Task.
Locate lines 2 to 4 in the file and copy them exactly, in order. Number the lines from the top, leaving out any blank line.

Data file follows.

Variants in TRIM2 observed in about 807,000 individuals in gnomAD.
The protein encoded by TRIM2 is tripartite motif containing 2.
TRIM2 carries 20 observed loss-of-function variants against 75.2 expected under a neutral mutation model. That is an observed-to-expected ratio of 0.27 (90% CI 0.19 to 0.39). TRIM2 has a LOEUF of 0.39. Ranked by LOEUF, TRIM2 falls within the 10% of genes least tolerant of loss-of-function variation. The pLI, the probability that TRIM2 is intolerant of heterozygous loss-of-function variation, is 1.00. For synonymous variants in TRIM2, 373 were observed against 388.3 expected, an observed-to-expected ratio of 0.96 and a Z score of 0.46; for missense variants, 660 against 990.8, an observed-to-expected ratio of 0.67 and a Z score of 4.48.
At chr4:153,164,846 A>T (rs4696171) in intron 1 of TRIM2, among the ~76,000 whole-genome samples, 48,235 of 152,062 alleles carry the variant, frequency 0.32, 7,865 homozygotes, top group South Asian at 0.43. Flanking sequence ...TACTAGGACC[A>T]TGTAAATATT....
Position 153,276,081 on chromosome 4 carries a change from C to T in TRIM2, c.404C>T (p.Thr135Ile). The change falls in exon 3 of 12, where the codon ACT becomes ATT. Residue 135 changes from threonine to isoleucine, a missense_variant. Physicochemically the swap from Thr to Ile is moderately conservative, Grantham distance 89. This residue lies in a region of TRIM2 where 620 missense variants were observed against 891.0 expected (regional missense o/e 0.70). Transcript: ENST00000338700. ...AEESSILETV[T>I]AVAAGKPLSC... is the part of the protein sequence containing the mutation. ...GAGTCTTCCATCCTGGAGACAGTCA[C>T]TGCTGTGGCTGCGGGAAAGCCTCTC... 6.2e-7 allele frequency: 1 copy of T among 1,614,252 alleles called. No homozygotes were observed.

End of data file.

The protein encoded by TRIM2 is tripartite motif containing 2.
TRIM2 carries 20 observed loss-of-function variants against 75.2 expected under a neutral mutation model. That is an observed-to-expected ratio of 0.27 (90% CI 0.19 to 0.39). TRIM2 has a LOEUF of 0.39. Ranked by LOEUF, TRIM2 falls within the 10% of genes least tolerant of loss-of-function variation. The pLI, the probability that TRIM2 is intolerant of heterozygous loss-of-function variation, is 1.00. For synonymous variants in TRIM2, 373 were observed against 388.3 expected, an observed-to-expected ratio of 0.96 and a Z score of 0.46; for missense variants, 660 against 990.8, an observed-to-expected ratio of 0.67 and a Z score of 4.48.
At chr4:153,164,846 A>T (rs4696171) in intron 1 of TRIM2, among the ~76,000 whole-genome samples, 48,235 of 152,062 alleles carry the variant, frequency 0.32, 7,865 homozygotes, top group South Asian at 0.43. Flanking sequence ...TACTAGGACC[A>T]TGTAAATATT....